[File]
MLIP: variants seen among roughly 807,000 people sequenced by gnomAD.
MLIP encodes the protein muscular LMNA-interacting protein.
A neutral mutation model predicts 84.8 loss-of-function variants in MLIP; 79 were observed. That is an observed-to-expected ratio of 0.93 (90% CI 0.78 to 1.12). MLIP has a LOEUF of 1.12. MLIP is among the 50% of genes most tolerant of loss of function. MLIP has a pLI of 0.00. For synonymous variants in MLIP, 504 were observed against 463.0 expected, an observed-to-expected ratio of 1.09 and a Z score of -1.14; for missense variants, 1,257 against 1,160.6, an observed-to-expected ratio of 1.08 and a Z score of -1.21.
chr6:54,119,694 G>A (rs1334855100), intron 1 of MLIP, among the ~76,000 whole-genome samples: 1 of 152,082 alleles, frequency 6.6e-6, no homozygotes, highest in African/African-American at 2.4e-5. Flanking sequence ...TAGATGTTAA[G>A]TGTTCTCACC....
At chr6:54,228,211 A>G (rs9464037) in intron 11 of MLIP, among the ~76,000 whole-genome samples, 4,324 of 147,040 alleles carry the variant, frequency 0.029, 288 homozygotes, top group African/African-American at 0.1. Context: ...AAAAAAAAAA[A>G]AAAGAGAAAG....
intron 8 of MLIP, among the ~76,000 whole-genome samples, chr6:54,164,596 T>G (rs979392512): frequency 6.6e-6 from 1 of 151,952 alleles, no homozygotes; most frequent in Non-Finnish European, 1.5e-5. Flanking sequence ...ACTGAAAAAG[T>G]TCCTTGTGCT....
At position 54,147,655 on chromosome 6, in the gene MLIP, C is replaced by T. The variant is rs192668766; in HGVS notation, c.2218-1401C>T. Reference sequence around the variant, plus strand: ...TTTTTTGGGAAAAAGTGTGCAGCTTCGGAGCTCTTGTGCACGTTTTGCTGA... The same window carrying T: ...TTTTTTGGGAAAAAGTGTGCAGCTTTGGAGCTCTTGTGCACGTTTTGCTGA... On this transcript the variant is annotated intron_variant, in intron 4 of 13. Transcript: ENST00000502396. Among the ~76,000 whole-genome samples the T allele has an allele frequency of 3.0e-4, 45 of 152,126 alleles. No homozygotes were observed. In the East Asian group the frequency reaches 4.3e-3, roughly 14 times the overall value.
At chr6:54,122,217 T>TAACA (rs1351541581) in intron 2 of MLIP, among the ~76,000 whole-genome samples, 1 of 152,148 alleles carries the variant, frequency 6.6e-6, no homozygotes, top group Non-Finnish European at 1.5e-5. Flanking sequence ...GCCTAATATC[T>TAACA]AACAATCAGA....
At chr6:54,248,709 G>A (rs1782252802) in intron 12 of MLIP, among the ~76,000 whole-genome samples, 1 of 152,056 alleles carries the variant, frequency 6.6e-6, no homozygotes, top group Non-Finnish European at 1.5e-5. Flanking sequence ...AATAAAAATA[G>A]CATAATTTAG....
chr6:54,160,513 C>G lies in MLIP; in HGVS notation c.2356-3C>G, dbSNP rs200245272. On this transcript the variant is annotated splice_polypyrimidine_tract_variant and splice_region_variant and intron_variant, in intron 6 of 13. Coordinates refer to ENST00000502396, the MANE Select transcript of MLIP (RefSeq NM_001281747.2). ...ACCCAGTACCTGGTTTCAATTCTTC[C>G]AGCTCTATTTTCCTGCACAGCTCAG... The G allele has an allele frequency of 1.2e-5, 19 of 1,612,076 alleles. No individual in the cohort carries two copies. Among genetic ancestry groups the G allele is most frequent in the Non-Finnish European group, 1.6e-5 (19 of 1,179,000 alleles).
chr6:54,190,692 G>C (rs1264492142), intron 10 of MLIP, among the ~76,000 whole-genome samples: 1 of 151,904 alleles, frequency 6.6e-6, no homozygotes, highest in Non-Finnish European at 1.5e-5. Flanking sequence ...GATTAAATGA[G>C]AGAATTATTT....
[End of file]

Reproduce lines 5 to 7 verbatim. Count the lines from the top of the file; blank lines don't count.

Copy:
At chr6:54,228,211 A>G (rs9464037) in intron 11 of MLIP, among the ~76,000 whole-genome samples, 4,324 of 147,040 alleles carry the variant, frequency 0.029, 288 homozygotes, top group African/African-American at 0.1. Context: ...AAAAAAAAAA[A>G]AAAGAGAAAG....
intron 8 of MLIP, among the ~76,000 whole-genome samples, chr6:54,164,596 T>G (rs979392512): frequency 6.6e-6 from 1 of 151,952 alleles, no homozygotes; most frequent in Non-Finnish European, 1.5e-5. Flanking sequence ...ACTGAAAAAG[T>G]TCCTTGTGCT....
At position 54,147,655 on chromosome 6, in the gene MLIP, C is replaced by T. The variant is rs192668766; in HGVS notation, c.2218-1401C>T. Reference sequence around the variant, plus strand: ...TTTTTTGGGAAAAAGTGTGCAGCTTCGGAGCTCTTGTGCACGTTTTGCTGA... The same window carrying T: ...TTTTTTGGGAAAAAGTGTGCAGCTTTGGAGCTCTTGTGCACGTTTTGCTGA... On this transcript the variant is annotated intron_variant, in intron 4 of 13. Transcript: ENST00000502396. Among the ~76,000 whole-genome samples the T allele has an allele frequency of 3.0e-4, 45 of 152,126 alleles. No homozygotes were observed. In the East Asian group the frequency reaches 4.3e-3, roughly 14 times the overall value.